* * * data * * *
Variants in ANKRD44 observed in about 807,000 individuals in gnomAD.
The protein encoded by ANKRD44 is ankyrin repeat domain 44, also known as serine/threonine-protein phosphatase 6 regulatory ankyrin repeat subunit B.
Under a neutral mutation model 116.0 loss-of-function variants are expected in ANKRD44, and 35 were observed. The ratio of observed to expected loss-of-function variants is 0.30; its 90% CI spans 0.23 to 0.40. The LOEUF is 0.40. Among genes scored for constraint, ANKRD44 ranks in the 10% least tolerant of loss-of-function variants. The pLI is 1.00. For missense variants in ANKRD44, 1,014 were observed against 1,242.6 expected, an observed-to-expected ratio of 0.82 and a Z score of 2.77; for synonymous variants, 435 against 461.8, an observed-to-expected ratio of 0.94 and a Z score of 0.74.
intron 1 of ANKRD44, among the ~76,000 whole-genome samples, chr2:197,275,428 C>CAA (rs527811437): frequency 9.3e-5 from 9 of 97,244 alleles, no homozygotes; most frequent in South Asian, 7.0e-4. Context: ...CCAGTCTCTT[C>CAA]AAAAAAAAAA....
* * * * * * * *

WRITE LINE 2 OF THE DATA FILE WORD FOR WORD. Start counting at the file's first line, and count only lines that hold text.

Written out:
The protein encoded by ANKRD44 is ankyrin repeat domain 44, also known as serine/threonine-protein phosphatase 6 regulatory ankyrin repeat subunit B.